Dad-of-three told he had terminal brain tumour the day after losing his mum


A dad was told he had a terminal brain tumour the day after his mother died.

Fifty-year-old Liam Bergin was diagnosed with an aggressive glioblastoma multiforme 12 months ago.

The week after, he had surgery to ‘debulk’ the tumour and has since undergone numerous rounds of chemotherapy, CheshireLive reports.

The life expectancy for Liam’s condition is usually two to four years and he wants to spend as much time as possible raising awareness of the cancer and ‘making great memories’.

As part of this Liam, his son Joe, and a group of their pals will cycle the Coast to Coast route from Whitehaven, in Cumbria, to Newcastle between June 28 to 30.

He said: “I’ve been really excited and am looking forward to spending time with everyone. It is important to give yourself goals, otherwise you drift and worry instead of getting on living.

”My diagnosis, although completely devastating, has also made me realise how lucky I am with my close-knit family and wonderful friendship groups.



Liam out on his bike ahead of the coast to coast ride
Liam out on his bike ahead of the coast to coast ride

”Even though I am doing a good job of staying positive, there are definitely times when I reflect on how unfair this is.

“I am really not ready to die. It scares me not knowing if I’ll see my children grow up.”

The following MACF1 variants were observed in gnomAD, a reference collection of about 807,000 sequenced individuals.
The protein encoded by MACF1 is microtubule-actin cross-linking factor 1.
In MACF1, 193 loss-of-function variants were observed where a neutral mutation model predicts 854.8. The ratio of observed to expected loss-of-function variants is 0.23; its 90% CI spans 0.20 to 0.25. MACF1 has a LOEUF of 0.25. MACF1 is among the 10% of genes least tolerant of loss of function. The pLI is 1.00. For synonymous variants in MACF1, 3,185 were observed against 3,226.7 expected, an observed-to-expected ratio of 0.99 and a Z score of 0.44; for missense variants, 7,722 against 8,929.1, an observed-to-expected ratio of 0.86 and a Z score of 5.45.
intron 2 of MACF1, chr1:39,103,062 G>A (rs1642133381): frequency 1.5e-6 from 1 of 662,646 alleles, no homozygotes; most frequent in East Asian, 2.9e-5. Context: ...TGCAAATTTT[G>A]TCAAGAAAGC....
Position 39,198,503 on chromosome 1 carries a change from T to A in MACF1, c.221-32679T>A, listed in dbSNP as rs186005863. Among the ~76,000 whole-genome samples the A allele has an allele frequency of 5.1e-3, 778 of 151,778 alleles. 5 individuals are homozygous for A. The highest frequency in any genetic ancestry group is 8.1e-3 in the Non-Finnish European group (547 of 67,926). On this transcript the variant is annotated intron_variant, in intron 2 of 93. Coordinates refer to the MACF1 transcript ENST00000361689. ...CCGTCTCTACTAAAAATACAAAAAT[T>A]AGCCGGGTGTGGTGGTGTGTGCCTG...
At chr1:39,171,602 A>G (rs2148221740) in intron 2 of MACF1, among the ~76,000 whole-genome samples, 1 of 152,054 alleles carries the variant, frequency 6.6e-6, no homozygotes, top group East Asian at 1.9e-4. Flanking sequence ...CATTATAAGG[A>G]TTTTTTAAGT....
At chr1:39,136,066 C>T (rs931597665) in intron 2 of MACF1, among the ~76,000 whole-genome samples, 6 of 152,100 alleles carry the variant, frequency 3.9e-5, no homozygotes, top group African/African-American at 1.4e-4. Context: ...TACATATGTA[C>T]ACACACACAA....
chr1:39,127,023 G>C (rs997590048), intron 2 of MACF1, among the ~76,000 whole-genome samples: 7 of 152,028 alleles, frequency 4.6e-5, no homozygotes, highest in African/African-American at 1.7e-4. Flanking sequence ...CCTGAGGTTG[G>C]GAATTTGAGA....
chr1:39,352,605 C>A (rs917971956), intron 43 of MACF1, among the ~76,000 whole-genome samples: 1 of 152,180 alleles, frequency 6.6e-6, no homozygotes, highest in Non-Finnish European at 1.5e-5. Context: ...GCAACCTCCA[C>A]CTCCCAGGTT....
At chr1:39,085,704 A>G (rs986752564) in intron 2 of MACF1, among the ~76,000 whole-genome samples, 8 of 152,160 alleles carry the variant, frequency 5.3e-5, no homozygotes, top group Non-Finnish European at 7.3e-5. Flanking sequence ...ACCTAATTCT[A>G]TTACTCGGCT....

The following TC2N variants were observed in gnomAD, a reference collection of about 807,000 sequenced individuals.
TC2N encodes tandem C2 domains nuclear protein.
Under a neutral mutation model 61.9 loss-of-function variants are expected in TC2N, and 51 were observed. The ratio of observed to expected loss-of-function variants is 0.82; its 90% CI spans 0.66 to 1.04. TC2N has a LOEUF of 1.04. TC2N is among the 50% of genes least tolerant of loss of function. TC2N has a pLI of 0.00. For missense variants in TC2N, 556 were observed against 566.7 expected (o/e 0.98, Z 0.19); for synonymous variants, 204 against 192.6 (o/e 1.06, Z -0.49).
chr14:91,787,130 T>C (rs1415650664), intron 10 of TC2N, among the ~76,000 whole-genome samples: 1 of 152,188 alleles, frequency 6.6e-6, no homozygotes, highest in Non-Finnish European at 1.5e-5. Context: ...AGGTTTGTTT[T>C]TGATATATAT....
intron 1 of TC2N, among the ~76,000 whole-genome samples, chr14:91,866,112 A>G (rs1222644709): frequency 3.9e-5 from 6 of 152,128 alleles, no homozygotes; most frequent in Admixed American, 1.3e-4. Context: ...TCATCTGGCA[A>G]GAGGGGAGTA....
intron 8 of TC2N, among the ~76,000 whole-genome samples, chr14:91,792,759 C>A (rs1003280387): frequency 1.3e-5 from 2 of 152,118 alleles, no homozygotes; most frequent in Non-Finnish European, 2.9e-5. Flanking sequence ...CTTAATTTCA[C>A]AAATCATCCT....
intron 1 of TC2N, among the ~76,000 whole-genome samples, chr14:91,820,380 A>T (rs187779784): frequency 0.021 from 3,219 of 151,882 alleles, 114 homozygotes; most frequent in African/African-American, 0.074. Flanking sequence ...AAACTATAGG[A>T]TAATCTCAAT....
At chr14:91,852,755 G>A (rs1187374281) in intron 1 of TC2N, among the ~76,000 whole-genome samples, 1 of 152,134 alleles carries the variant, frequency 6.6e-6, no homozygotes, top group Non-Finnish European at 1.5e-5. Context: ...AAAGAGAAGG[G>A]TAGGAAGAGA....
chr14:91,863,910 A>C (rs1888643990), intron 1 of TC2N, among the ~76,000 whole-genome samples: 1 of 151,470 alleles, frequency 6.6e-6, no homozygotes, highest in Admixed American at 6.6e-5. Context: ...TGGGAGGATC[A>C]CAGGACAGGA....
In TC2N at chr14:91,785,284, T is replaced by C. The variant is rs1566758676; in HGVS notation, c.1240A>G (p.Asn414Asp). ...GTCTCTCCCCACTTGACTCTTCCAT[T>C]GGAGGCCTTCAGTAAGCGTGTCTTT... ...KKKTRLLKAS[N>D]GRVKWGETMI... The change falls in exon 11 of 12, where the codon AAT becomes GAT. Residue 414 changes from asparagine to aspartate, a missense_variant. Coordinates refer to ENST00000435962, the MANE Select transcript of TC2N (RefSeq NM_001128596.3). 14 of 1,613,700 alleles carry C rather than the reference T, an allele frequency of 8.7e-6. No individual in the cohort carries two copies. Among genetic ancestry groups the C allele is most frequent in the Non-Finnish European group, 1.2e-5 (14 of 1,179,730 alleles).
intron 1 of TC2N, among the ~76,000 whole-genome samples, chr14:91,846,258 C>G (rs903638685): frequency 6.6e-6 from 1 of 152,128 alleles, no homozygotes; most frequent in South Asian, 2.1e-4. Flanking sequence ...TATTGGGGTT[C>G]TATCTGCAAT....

Liam, from Bollington, had planned to walk from coast to coast but he has now also been diagnosed with epilepsy so it was considered better to cycle as it would take fewer days and have a less remote route.

It will also be just a week after his most recent chemotherapy cycle.

Throughout the last 12 months Liam, who lives with his three children aged 18, 16 and 14 and wife Jen, has been determined to stay as fit and healthy as possible.


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He became particularly motivated to fundraise after learning that brain tumours kill more people under 40 than any other type of cancer but receive only a very small percentage of cancer funding.

Money that he raises will go to Brain Tumour Research, so far the total stands at around £3,200.

Liam, who worked as head of catering at the University of Manchester before being furloughed, said: “Until I shuffle off this mortal coil I want to make people aware and make some great memories with my wife, children and people around me.

”Keeping fit and looking after yourself is half the battle. I’m focusing on being a campaigner and an activist, I want to thrive, to chase the science and to expand knowledge and awareness as far as I can.”

Liam has thanked everyone who has supported him and praised the care he has received at Salford Royal Hospital and the Christie. You can support his fundraising here.

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